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Pediatric Dental Emergencies: Getting Help for Your Child

Girl showing her healthy milk teeth at dental office
It's Saturday afternoon when your first grader gets kicked in the face with a soccer ball. The ball bounces. But your child's front tooth is bleeding and loose. Now what? Obviously, your kiddo needs care ASAP. But it's not exactly regular dental office hours right now. Your child is having a dental emergency. And that means they need an emergency dentist.
While there are these types of clear-cut dental emergencies, some aren't as obvious. Maybe your child falls and hits their mouth. Their mouth is bleeding, but there are no noticeable chips, cracks, or missing teeth. Or maybe your child claims to have a major pain. But they really can't pinpoint it in their mouth. Do you need an emergency dentist? Maybe. Or maybe not.
If you're not sure what a dental emergency really is or how to decide whether to bring your child to the office immediately, take a look at what you need to know to help you answer your questions.

Accidents and Injuries

Your child chips a tooth. There's definitely a small piece missing, or there's a noticeable crack. Does this require emergency treatment? Or can you wait until the next business day? Multiple factors go into assessing a chipped tooth. Some chipped teeth are minor injuries and don't require immediate professional intervention.
But some chips are more serious than others. Along with the visible breaks, your child could have a crack under the gum line, in the root. This type of problem requires immediate expert attention.
So how do you know if the injury your child sustained is a minor surface issue or something that's severe? You don't. Not unless you're a dentist and have access to their knowledge, tools, and expertise. Here's where the pros come in. A trip to the dentist (even if it's on a Sunday afternoon during emergency hours) is necessary. It gives your child the best chance of healing from the injury correctly and may help to reduce some of the pain that they're experiencing.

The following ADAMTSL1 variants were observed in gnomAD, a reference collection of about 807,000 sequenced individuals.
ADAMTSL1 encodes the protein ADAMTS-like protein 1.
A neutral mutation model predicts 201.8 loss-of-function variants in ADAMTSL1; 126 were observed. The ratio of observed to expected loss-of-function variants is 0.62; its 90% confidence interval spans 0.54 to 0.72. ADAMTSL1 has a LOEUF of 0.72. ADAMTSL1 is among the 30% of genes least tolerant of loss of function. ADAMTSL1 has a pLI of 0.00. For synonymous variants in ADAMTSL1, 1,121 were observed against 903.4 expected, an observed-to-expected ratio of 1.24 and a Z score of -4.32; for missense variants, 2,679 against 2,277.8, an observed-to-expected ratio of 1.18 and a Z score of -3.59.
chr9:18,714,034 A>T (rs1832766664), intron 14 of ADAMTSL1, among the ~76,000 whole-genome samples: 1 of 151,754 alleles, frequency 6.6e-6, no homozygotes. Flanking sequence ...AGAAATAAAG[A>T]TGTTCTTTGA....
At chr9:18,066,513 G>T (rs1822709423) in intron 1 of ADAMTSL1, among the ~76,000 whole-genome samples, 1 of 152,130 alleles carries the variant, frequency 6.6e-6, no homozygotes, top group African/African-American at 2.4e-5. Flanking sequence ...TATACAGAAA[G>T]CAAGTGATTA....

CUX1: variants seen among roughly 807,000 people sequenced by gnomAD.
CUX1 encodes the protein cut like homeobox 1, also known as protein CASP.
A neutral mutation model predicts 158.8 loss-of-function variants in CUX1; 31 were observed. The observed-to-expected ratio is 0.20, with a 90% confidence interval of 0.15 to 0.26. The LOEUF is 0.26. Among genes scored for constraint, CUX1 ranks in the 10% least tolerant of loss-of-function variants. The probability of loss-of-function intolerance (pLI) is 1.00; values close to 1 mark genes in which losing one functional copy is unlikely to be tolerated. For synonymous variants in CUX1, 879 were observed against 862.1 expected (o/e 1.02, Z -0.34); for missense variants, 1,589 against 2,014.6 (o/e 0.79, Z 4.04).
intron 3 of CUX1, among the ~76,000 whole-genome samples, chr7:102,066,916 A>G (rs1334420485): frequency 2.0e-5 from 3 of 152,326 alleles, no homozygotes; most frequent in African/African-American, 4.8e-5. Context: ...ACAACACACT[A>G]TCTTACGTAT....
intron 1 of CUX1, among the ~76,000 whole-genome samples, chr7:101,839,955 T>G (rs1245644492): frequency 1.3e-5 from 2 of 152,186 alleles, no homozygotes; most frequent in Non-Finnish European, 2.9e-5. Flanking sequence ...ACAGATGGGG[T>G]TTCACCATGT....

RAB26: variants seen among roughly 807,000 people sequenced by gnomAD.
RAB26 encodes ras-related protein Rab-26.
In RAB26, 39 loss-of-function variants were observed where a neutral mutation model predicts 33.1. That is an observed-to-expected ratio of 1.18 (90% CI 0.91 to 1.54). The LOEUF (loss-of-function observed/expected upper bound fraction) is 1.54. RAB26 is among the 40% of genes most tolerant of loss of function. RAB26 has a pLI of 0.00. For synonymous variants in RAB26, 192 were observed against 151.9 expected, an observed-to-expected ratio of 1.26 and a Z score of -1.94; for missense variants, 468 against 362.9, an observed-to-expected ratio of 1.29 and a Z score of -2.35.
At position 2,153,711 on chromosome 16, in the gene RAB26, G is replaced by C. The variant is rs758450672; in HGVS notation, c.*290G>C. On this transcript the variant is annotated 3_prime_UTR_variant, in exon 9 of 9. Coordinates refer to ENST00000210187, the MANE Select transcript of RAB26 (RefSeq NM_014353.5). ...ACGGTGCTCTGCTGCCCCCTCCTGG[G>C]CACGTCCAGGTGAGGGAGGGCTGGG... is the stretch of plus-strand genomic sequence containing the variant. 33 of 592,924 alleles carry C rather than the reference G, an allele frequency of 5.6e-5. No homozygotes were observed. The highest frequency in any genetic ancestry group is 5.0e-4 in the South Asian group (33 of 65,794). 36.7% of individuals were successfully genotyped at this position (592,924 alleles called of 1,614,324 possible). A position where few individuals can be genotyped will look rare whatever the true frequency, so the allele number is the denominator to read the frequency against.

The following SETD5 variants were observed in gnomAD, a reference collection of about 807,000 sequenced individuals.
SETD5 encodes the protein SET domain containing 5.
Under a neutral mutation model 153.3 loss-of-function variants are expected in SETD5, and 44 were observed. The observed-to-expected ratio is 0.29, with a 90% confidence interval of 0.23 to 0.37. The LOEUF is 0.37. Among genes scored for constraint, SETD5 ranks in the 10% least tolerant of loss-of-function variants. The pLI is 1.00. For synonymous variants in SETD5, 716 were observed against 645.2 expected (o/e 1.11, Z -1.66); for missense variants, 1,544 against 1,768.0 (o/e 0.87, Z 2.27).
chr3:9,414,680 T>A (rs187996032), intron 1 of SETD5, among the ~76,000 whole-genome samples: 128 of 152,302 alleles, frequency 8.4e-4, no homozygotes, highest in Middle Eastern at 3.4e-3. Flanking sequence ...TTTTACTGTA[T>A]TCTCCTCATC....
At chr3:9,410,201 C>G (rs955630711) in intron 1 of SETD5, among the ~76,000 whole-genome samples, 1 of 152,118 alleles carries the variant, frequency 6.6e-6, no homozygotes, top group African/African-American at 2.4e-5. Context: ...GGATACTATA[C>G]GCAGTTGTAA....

Mouth Full of Pain

It's Saturday night, and your child is complaining. No, not about watching TV or having a special snack. They're in pain. Your child is holding their mouth, has a hand holding their face, or is grimacing without a break.
There are more than a few reasons for a toothache. Your child could have bitten down on something sharp or hard, such as candy or ice, and cracked or chipped a tooth. If this is the case, look for noticeable signs of injury or damage. Again, like an injured tooth (due to an accident) there may be a problem in the root. In other words, you may not see the crack.
Other reasons for a toothache include a cavity, abscess or sore gums. Your child may also have absolutely nothing wrong with their teeth at all. A canker sore on the inside of the mouth can cause pain, as can aches in other parts of the face. If your child has, or recently had, a cold, it's possible that a clogged sinus or sinus infection is the culprit here.
In most cases, a toothache isn't an emergency situation. But if your child also has a fever, bleeding, swelling, noticeable redness or pus/oozing from anywhere in the mouth, call the dentist right away. Likewise, if the pain doesn't subside or your child truly seems miserable, the dentist will welcome your emergency call. It's always best to get a professional consult — even if the cause ends up being minor.
No parent wants to scramble during a dental emergency to find a dentist with evening or weekend hours. Finding a dentist who offers emergency services beforehand can save time, pain and possibly your child's teeth. If you need emergency services, Epps Village Family Dentistry, LLC can help.

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